Eric Kostelich is a professor in the School of Mathematical and Statistical Sciences. His research interests are in applications of nonlinear dynamical systems, data assimilation, and high performance computing. He directs the NSF-funded program, Computational Science Training for Undergraduates in the Mathematical Sciences, which provides extended research experiences for a dozen students each year. In 2008, he received a Special Recognition award for excellence in teaching from the ASU Parents Association.
Professor Kostelich will be teaching MAT 420, Scientific Computing, in the fall 2011.
Aviral Shrivastava is assistant professor in the School of Computing, Informatics, and Decision Systems Engineering at the Arizona State University. He has established and heads the Compiler Micro-architecture Lab at ASU. He received his Master’s and Ph.D. degrees in Computer Systems Engineering from University of California, Irvine. His bachelor’s degree is in Computer Science and Engineering from Indian Institute of Technology, Delhi. Shrivastava’s interests are in Compilers, Computer Architecture, and VLSI CAD; with a particular focus at embedded multi-core architectures and compilers, e.g., the Cell processor in Sony Playstation 3, and GPU Computing. He has developed several compiler and micro-architectural techniques to optimize power, performance, code size, and reliability etc. of embedded systems.
Professor Shrivastava will be teaching CSE 420, Computer Architecture I, and CSE 591, Low Power Computing, in the spring 2011.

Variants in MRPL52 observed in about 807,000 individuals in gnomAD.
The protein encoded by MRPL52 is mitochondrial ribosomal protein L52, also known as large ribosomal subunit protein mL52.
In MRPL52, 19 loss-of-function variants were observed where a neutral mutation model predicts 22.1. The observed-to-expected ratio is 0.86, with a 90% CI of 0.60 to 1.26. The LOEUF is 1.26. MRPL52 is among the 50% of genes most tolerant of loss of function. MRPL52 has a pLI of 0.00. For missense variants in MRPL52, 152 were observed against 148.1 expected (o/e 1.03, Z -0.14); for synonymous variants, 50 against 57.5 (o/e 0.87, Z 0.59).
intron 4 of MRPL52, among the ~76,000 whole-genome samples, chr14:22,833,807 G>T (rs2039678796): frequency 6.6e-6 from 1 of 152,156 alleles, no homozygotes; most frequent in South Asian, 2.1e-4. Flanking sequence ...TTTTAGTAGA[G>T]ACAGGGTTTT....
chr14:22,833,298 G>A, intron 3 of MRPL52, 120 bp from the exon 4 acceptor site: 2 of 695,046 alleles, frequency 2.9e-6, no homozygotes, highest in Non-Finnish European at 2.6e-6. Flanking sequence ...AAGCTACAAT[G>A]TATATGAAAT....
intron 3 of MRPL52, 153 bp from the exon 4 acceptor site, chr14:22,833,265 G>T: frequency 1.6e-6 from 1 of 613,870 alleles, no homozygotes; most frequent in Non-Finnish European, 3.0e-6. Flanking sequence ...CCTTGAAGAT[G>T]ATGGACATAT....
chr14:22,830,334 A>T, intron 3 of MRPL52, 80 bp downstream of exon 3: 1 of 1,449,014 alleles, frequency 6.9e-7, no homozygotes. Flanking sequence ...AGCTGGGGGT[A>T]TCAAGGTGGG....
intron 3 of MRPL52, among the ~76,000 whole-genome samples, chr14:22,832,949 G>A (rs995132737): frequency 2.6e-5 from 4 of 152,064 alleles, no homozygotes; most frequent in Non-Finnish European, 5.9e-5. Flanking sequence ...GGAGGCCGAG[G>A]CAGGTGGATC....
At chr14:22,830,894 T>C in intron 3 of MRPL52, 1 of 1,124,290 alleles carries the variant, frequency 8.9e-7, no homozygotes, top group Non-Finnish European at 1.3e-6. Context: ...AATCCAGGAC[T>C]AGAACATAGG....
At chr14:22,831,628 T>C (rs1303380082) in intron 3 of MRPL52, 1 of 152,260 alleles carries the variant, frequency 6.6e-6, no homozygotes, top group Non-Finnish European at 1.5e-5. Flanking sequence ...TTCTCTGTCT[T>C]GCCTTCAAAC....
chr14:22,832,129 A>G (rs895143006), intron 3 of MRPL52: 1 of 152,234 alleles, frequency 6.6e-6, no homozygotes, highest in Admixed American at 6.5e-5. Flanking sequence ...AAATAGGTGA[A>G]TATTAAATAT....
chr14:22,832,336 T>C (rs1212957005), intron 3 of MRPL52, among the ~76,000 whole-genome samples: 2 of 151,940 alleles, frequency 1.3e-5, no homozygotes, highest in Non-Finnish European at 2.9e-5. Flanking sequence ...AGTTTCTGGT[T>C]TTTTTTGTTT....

Violet Syrotiuk is an associate professor of Computer Science and Engineering at Arizona State University. Her research interests include autonomous adaptation of protocols in networks including ad hoc and cognitive radio networks. She serves on the editorial boards of three journals (Computer Networks, Computer Communications, and the International Journal of Communications Systems) and serves/served on the Technical Program Committee of several leading conferences. Syrotiuk’s research has been supported by grants from NSF, ONR, LANL, DSTO (Australia), and contracts with ATC, General Dynamics, and Raytheon.
Professor Syrotiuk will teach CSE 430, Operating Systems, in spring 2011.
Gil Speyer received his B.S. in electrical engineering from MIT. He worked on programmable logic chips at Xilinx, Inc. in San Jose, CA. Speyer earned his M.S. and Ph.D. in electrical engineering at ASU. He works for the High Performance Computing Initiative at ASU. He is a researcher on quantum transport, developing parallel programs with various research groups while teaching courses and workshops in parallel computing.
Speyer will teach CSE 494, Introduction to Parallel Programming, and ME 598 to Engineering students in spring 2011.
Alex Mahalov earned a PhD in applied mathematics from Cornell University in 1991. After a postdoc in the Department of Mechanical Engineering at UC Berkeley, he joined Arizona State University where he was promoted to full professor. Currently the Wilhoit Foundation Dean’s Distinguished Professor, Mahalov holds a joint appointment in the School of Mathematical and Statistical Sciences and the Center for Environmental Fluid Dynamics, School of Mechanical, Aerospace, Chemical and Materials Engineering. He has over one hundred peer reviewed publications. Most recently, research efforts focused on problems at the interface of scientific computing, computational fluid dynamics and high performance computing. Mahalov’s research has been supported by grants from NSF, AFOSR, NASA, LANL, and contracts from industry.
Professor Mahalov will be teaching MAT420, Scientific Computing, in the fall 2011 and fall 2012.